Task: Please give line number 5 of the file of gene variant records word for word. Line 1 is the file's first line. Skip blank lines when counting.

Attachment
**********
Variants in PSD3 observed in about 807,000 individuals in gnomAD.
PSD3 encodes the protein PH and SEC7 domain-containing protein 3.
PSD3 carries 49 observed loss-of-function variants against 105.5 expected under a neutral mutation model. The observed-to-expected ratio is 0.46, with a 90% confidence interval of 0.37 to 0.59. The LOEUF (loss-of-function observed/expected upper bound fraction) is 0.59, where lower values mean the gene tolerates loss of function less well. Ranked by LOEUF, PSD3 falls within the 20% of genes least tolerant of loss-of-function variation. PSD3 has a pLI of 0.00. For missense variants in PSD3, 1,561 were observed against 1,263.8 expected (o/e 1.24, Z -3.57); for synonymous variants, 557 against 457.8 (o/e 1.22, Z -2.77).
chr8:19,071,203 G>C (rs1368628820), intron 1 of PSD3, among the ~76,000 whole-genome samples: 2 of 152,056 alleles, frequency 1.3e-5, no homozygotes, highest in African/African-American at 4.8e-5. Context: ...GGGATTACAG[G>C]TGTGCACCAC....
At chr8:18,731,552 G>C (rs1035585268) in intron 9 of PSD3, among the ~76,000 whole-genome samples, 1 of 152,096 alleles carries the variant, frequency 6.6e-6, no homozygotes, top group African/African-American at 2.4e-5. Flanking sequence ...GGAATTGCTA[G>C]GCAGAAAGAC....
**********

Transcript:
At chr8:18,731,552 G>C (rs1035585268) in intron 9 of PSD3, among the ~76,000 whole-genome samples, 1 of 152,096 alleles carries the variant, frequency 6.6e-6, no homozygotes, top group African/African-American at 2.4e-5. Flanking sequence ...GGAATTGCTA[G>C]GCAGAAAGAC....